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Recycling bins are only the beginning: Travel + Leisure readers picked the best cities for earth-friendly perks like solar-powered hotels, bike-powered beer bars, and fabulous recycled fashions.
No. 18 Houston
Counting Down the 20 Greenest Cities in America
No. 18 Houston
It may seem like a classic sprawling city, but Houston is greener than it looks: it gets 25 percent of its electricity from wind energy, and the city just introduced a two-way bike track that spans 10 blocks of downtown. Houston proves that even good-ol'-boy types can go green: the Beer Can House found fame after a homeowner re-sided his house with 50,000 recycled beer cans. As one of the nation’s four green coffee-exchange ports, Houston also ranked at No. 5 for its java, like the vacuum-prepared cups at Montrose’s Siphon Coffee (where you can also play on the retro Ms. Pac Man).
Being green isn't just smart—it might even make you gorgeous.
Irene Lane, founder of ecotourism “concierge” Greenloons, loves that Portland, Oregon, was environmentally proactive long before it was cool—like when the city took out a six-lane highway in the 1970s to develop a waterfront park. Today, she says, Portland “is a model of sustainable living, gaining half of its power from renewable sources—and everyone seems to glow with their eco-conscious awareness.”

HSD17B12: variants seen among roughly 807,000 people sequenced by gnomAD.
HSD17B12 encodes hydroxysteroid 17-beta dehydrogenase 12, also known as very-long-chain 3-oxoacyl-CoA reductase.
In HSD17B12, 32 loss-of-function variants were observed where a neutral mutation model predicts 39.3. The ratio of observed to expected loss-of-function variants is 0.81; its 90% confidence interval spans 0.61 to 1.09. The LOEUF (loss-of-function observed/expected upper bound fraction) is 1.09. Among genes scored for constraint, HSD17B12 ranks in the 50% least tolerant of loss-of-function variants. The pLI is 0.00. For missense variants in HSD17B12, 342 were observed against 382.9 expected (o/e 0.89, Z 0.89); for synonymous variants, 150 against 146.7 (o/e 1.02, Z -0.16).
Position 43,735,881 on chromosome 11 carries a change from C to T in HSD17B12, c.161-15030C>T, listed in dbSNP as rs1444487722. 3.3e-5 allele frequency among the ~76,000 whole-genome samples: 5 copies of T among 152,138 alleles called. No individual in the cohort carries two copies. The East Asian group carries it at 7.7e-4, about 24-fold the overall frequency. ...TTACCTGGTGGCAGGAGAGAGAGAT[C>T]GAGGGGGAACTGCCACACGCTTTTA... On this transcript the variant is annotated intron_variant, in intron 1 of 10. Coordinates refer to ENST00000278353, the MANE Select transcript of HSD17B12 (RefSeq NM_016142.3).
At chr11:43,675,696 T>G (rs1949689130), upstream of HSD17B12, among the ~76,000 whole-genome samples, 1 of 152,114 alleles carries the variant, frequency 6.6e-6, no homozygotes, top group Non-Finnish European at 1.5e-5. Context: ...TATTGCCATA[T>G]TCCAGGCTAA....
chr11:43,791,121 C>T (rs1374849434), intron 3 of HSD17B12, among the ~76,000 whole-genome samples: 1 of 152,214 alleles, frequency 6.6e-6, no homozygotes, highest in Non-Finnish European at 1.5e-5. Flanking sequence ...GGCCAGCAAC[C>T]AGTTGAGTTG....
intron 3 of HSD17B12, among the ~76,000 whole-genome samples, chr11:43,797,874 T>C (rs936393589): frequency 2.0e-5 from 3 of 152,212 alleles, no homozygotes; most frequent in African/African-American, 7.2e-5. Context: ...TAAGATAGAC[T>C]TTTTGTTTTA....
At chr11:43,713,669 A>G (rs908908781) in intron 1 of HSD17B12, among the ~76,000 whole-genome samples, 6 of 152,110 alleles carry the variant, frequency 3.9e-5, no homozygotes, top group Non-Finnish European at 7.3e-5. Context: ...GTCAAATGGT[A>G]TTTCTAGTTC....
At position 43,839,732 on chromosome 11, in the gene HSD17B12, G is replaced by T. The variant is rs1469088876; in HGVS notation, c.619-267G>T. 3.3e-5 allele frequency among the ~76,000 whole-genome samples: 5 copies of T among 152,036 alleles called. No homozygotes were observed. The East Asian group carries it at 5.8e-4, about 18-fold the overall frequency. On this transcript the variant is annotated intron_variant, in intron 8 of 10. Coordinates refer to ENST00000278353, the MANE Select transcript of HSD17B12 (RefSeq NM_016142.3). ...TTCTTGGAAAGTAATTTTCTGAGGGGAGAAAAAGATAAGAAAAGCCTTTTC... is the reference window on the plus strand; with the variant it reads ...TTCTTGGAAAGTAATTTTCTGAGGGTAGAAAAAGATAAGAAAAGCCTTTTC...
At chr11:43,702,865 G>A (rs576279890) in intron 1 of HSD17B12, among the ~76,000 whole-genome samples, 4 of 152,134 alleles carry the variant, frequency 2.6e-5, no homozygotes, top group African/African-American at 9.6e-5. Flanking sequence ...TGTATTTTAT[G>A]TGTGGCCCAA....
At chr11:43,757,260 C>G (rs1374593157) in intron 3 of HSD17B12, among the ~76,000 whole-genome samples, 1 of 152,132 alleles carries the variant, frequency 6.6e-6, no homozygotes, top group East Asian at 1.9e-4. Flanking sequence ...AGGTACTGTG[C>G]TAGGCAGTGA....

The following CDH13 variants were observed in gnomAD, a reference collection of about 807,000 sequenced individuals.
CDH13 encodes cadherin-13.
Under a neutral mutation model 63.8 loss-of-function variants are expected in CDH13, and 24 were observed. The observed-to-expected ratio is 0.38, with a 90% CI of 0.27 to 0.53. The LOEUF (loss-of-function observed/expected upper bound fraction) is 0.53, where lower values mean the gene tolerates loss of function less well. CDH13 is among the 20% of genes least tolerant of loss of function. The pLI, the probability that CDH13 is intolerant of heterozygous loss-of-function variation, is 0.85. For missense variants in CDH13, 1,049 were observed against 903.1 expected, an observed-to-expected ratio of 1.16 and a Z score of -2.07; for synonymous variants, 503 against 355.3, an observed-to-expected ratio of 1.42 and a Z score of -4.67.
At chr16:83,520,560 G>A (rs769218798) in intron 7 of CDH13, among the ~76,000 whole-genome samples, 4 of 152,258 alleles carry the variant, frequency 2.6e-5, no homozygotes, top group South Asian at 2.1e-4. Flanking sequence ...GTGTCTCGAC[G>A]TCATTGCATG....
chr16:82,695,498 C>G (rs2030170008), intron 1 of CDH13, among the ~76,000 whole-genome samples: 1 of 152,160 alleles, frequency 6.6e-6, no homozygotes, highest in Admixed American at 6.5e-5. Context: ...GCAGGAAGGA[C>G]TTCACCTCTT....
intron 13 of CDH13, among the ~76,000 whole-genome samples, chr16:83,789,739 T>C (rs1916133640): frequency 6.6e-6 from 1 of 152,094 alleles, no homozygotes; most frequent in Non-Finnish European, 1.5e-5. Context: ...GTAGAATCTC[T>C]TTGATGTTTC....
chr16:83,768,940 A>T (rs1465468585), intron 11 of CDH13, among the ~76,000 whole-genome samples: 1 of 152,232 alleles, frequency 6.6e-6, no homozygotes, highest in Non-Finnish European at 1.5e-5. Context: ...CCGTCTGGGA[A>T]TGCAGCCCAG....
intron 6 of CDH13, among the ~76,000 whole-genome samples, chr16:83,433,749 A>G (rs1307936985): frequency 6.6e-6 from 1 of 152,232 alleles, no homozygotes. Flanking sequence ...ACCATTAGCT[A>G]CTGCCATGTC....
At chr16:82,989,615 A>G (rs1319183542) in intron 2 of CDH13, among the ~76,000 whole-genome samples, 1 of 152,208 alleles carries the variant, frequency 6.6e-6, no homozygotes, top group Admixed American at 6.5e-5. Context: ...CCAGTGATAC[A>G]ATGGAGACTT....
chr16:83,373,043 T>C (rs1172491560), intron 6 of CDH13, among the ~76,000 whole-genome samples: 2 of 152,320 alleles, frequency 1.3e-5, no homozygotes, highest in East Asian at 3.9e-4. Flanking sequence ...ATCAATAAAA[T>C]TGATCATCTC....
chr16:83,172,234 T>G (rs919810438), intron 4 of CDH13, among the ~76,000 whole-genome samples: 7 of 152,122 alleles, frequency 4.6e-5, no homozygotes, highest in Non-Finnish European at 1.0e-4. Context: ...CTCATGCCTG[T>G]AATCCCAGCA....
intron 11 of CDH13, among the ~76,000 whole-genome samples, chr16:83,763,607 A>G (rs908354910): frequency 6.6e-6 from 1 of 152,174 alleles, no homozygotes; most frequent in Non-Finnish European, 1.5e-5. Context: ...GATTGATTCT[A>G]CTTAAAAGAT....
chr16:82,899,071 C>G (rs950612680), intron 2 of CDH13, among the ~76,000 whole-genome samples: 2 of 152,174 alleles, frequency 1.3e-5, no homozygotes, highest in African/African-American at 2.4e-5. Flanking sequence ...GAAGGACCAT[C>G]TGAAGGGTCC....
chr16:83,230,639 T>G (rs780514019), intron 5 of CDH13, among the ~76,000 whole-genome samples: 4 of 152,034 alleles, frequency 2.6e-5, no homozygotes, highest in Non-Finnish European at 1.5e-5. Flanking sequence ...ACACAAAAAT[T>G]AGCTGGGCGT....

No offense, Portland, but Travel+Leisure readers didn’t give you any beauty-contest awards in the latest America’s Favorite Cities survey—but they did give the city props for being seriously environmentally friendly. As part of the survey, readers ranked 38 cities for such eco-friendly features as parks, mass transit, notable restaurants (which tend to favor local sourcing) and—the ultimate in fun recycling—treasure-filled flea markets.
When we combined those categories, the “greenest” winners revealed some traveler-friendly trends across the nation: LEED-certified hotels that use less water, an increasing number of city bike-share programs, and restaurants that tout their locally-sourced cuisine—from burnt-ends barbecue in Kansas City to grilled frog legs in Tampa. Some winners have had eco-friendly features for years—like the wind-powered schooner tours in Charleston and the ever-reusable aloha shirts in Honolulu.
Other top 20 cities, meanwhile, are making environmental changes just like many people do: one step at a time. Lane lives in Washington, D.C., where, she says, the city’s dining scene may be greener than some other features. “We may be one of the worst cities for traffic jams,” she says, “but at least you can look forward to a fantastic meal when you get to your destination.”